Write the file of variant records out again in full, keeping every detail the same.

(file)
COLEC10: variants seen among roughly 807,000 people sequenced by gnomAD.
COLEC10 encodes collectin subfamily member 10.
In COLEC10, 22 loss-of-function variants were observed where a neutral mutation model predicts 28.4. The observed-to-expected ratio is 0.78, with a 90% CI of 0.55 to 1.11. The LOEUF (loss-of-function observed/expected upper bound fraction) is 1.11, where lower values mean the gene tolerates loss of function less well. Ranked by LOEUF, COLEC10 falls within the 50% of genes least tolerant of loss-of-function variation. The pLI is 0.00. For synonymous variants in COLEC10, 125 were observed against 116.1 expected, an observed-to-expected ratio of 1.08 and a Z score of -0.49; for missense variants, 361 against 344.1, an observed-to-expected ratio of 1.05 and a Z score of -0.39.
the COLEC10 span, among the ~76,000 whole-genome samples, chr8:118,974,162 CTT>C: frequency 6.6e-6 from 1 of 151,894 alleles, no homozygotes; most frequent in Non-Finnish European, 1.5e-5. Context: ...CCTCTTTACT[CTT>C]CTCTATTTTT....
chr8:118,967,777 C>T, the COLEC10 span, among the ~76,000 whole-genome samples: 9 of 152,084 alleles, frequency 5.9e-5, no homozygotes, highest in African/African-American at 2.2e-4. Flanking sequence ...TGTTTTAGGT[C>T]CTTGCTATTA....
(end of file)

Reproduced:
COLEC10: variants seen among roughly 807,000 people sequenced by gnomAD.
COLEC10 encodes collectin subfamily member 10.
In COLEC10, 22 loss-of-function variants were observed where a neutral mutation model predicts 28.4. The observed-to-expected ratio is 0.78, with a 90% CI of 0.55 to 1.11. The LOEUF (loss-of-function observed/expected upper bound fraction) is 1.11, where lower values mean the gene tolerates loss of function less well. Ranked by LOEUF, COLEC10 falls within the 50% of genes least tolerant of loss-of-function variation. The pLI is 0.00. For synonymous variants in COLEC10, 125 were observed against 116.1 expected, an observed-to-expected ratio of 1.08 and a Z score of -0.49; for missense variants, 361 against 344.1, an observed-to-expected ratio of 1.05 and a Z score of -0.39.
the COLEC10 span, among the ~76,000 whole-genome samples, chr8:118,974,162 CTT>C: frequency 6.6e-6 from 1 of 151,894 alleles, no homozygotes; most frequent in Non-Finnish European, 1.5e-5. Context: ...CCTCTTTACT[CTT>C]CTCTATTTTT....
chr8:118,967,777 C>T, the COLEC10 span, among the ~76,000 whole-genome samples: 9 of 152,084 alleles, frequency 5.9e-5, no homozygotes, highest in African/African-American at 2.2e-4. Flanking sequence ...TGTTTTAGGT[C>T]CTTGCTATTA....